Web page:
General Topics

The Ethics of Kosher


There have been in recent years, a series of scandals in the USA over kashrut. The most public have been those that involve the largest provider of kosher meat, Agriprocessors, based in Postville, Iowa, and owned by the Rubashkin family. An undercover video revealed practices that shocked even the most hardened of kashrut experts and raised issues of how animals were treated. Could cruelty and kashrut be compatible? The kosher rabbinate rallied round and tried to defend the indefensible and the furor died down.

Then came last May’s Federal raid on the factory and prosecution over violating employment rules and a stream of very unsavory allegations emerged. Once again the rabbinic authorities refused to concede any wrong. They talked about innocence till proven guilty. They went on a carefully staged and publicized tour of inspection and, as expected, declared nothing was amiss. (Only afterwards did it transpire from another PETA video that they were given a special performance and did not see what normally goes on.) Any Orthodox leader who dared to suggest anything was wrong was excoriated in the Orthodox press by vocal aggressive apologists. Only the “middle of the road” Orthodox Union said it would suspend its approval until it was satisfied that the practices it considered ethically unacceptable ceased. However the more ultra-Orthodox, including Lubavitch, remained adamant that so long as the letter of the shechita law was obeyed they would let the matter rest.

The situation is reminiscent of those who have tried to do something about sexual abuse in the Orthodox community being made out to be the wrongdoers, and attacked and harassed into silence. The kneejerk defense, the cover-up and then the attack, as the surest form of defense, is all too familiar. Any advisor on crisis management knows this is the wrong way to go. Israel has tried it for years and failed. Ultra-Orthodoxy is making the same mistake by not seeing when it needs to make concessions to public sentiment.

It was the non-Orthodox movements that took the lead in pushing for supervision that guaranteed that “kosher” meant not just killing the animal in the required manner but that the industry behaved according to Jewish ethical standards. Orthodoxy responded in contradictory ways to this challenge. The Agudah spokesmen have refused to countenance any suggestion of wrongdoing coming from those less Orthodox than they. They have argued consistently that although Judaism does indeed require ethical behaviour kosher is simply about kosher, technically, no other way.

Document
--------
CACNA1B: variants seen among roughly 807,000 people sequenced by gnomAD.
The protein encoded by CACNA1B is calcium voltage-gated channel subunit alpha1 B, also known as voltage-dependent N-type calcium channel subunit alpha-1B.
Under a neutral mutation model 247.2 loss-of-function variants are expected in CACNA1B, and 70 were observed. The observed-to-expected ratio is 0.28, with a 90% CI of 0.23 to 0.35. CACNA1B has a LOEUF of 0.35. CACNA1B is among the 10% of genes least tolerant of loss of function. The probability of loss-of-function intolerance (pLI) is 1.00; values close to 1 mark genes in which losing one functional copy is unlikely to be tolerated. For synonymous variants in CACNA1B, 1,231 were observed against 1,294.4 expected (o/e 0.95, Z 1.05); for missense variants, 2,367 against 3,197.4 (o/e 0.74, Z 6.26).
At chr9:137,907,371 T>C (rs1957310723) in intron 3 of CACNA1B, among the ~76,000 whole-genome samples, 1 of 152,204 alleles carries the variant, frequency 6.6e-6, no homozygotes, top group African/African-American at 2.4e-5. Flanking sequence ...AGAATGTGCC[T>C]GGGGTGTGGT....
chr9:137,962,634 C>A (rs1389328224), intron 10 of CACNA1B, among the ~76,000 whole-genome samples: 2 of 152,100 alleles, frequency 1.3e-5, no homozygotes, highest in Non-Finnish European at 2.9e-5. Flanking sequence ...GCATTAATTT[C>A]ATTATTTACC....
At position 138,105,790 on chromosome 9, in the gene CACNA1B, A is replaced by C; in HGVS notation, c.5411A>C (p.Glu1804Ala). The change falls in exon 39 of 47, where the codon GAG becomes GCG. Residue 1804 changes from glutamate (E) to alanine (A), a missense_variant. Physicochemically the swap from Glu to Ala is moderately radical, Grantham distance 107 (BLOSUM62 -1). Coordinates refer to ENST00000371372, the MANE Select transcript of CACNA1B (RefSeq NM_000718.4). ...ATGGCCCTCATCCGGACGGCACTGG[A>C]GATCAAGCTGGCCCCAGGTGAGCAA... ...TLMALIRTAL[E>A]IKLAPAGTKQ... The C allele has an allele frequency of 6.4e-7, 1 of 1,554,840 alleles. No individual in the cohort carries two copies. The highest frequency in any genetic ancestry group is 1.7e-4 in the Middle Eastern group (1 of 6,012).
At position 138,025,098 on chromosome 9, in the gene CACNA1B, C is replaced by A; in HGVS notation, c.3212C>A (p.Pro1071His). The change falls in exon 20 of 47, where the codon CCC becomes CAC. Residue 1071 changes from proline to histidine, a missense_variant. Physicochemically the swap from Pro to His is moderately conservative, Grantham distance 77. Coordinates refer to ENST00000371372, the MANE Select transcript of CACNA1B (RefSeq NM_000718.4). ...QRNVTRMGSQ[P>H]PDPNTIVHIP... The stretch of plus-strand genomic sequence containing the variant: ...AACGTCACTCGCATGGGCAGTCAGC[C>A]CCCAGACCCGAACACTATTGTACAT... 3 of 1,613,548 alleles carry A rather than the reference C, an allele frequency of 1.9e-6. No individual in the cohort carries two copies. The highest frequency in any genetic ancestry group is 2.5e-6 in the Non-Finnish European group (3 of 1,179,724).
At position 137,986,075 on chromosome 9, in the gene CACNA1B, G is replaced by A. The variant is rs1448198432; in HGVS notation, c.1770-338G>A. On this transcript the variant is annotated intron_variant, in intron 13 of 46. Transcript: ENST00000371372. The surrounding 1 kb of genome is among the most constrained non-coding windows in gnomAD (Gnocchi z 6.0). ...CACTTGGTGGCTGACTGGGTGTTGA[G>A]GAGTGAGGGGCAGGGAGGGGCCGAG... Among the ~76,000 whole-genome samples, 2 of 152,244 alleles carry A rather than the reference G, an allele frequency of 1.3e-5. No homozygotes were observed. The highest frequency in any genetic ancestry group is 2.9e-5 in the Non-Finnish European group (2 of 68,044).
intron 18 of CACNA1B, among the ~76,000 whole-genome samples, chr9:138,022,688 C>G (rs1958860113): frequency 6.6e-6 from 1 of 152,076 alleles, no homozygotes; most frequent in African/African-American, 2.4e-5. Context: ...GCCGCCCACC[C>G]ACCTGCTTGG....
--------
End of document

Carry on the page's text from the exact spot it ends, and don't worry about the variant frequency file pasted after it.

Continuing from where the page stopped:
Two otherwise admirable, balanced, learned Orthodox rabbis, Adlerstein and Broyde, wrote a disappointing article in the American weekly Forward, saying that they agree that “working conditions and the like are Jewish concerns”, but that making a hechsher contingent on ethical practices requires rabbis to make judgments that go beyond the letter of the law. And that focusing on ethical considerations in the kosher food industry implies that such concerns are more important than halacha, which should be sufficient on its own. Hello! Indeed that is what the problem is. Total halacha is not working.

I understand that, as they say, “for centuries Jews were urged to abandon Jewish practice by arguments that the ethic behind the law was far more important, and indeed the only real purpose of the law itself.” I share their opposition to anything that minimizes the importance of halacha. Focusing only on spirit totally undermines what differentiates Judaism from Christianity. But what people want to hear, and what they or the editor omitted from their piece, was unequivocal condemnation. It was a lost opportunity.

Thank goodness, therefore, that another Orthodox rabbi, Yosef Blau, wrote an article in The Jewish Week unreservedly supporting ethical standards in kashrut. And this week the Orthodox Union, the biggest authorizing body and the dominant organization on thinking Orthodoxy, finally agreed to set up a commission to ensure kashrut and ethics go together.

Ultra-Orthodoxy is so used to having to fight its corner that it cannot see when it makes sense to concede an issue. The fact is that the kashrut industry is the flashpoint, the largest specifically Orthodox business that is indentified with the religion. It is the face of Judaism that most Jews and non-Jews have dealings with. Too much of this industry has been busy proclaiming the strictness of its kashrut and has paid too little attention to other issues such as conditions of animals and workers.

Why has the Charedi rabbinate not made more of a fuss? Jewish Law does indeed cover issues such as the treatment of workers and animals. But as a rule all we hear in the press are Orthodox rabbis railing against immodest ladies in cycle lanes or mixed concerts. Orthodox leadership needs to come out and hammer home, again and again, the importance of ethics and ethical treatment in addition to and as part of halacha, not to attack those who argue for higher standards, whatever their motives.

Why, you may ask, am I bringing this up this week, before Yom Kippur? Precisely because this is the message of the Talmud for Yom Kippur (Yoma 86a). If all sins are forgiven, either through atonement, or Yom Kippur itself, or even death, the one thing that is not forgiven is Chillul HaShem, giving Judaism or Torah a bad name. The Talmud gives a specific example: when religious leaders do not pays bills at the kosher butcher on time, thereby giving the impression that they are trying to evade their responsibilities! Imagine how much more serious is allowing the impression to spread that Torah leaders care little for ethical issues so long as the letter of the law is maintained. That is Chillul HaShem.